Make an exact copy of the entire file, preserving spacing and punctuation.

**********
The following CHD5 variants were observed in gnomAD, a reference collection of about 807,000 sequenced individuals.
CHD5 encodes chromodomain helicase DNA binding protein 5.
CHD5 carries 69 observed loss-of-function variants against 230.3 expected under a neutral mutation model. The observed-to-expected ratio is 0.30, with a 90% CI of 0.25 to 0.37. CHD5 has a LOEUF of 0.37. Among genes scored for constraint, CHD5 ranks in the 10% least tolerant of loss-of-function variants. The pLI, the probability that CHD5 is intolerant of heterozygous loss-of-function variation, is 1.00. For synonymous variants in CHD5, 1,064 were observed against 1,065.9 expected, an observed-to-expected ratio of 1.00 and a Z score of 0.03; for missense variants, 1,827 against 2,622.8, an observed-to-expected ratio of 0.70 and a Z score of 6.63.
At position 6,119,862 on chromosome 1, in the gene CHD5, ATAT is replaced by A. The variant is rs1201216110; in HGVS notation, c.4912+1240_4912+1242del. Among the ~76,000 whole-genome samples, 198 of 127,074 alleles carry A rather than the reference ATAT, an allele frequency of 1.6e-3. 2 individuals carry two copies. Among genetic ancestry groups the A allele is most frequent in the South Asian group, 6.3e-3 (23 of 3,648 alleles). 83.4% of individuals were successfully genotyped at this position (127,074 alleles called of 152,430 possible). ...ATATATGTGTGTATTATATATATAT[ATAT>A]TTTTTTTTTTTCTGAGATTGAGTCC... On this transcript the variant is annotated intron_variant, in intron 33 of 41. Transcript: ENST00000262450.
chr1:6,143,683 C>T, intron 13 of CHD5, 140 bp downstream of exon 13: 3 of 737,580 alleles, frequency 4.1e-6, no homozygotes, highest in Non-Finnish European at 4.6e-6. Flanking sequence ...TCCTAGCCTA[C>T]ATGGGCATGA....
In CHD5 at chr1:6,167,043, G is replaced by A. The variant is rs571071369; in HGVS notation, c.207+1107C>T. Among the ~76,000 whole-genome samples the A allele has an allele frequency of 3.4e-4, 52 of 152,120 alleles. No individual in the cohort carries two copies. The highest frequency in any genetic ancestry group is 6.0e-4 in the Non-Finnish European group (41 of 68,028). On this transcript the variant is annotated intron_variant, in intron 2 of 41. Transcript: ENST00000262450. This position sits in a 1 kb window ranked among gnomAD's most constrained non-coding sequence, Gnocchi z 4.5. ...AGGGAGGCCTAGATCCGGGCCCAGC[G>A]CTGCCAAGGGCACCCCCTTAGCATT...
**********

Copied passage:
The following CHD5 variants were observed in gnomAD, a reference collection of about 807,000 sequenced individuals.
CHD5 encodes chromodomain helicase DNA binding protein 5.
CHD5 carries 69 observed loss-of-function variants against 230.3 expected under a neutral mutation model. The observed-to-expected ratio is 0.30, with a 90% CI of 0.25 to 0.37. CHD5 has a LOEUF of 0.37. Among genes scored for constraint, CHD5 ranks in the 10% least tolerant of loss-of-function variants. The pLI, the probability that CHD5 is intolerant of heterozygous loss-of-function variation, is 1.00. For synonymous variants in CHD5, 1,064 were observed against 1,065.9 expected, an observed-to-expected ratio of 1.00 and a Z score of 0.03; for missense variants, 1,827 against 2,622.8, an observed-to-expected ratio of 0.70 and a Z score of 6.63.
At position 6,119,862 on chromosome 1, in the gene CHD5, ATAT is replaced by A. The variant is rs1201216110; in HGVS notation, c.4912+1240_4912+1242del. Among the ~76,000 whole-genome samples, 198 of 127,074 alleles carry A rather than the reference ATAT, an allele frequency of 1.6e-3. 2 individuals carry two copies. Among genetic ancestry groups the A allele is most frequent in the South Asian group, 6.3e-3 (23 of 3,648 alleles). 83.4% of individuals were successfully genotyped at this position (127,074 alleles called of 152,430 possible). ...ATATATGTGTGTATTATATATATAT[ATAT>A]TTTTTTTTTTTCTGAGATTGAGTCC... On this transcript the variant is annotated intron_variant, in intron 33 of 41. Transcript: ENST00000262450.
chr1:6,143,683 C>T, intron 13 of CHD5, 140 bp downstream of exon 13: 3 of 737,580 alleles, frequency 4.1e-6, no homozygotes, highest in Non-Finnish European at 4.6e-6. Flanking sequence ...TCCTAGCCTA[C>T]ATGGGCATGA....
In CHD5 at chr1:6,167,043, G is replaced by A. The variant is rs571071369; in HGVS notation, c.207+1107C>T. Among the ~76,000 whole-genome samples the A allele has an allele frequency of 3.4e-4, 52 of 152,120 alleles. No individual in the cohort carries two copies. The highest frequency in any genetic ancestry group is 6.0e-4 in the Non-Finnish European group (41 of 68,028). On this transcript the variant is annotated intron_variant, in intron 2 of 41. Transcript: ENST00000262450. This position sits in a 1 kb window ranked among gnomAD's most constrained non-coding sequence, Gnocchi z 4.5. ...AGGGAGGCCTAGATCCGGGCCCAGC[G>A]CTGCCAAGGGCACCCCCTTAGCATT...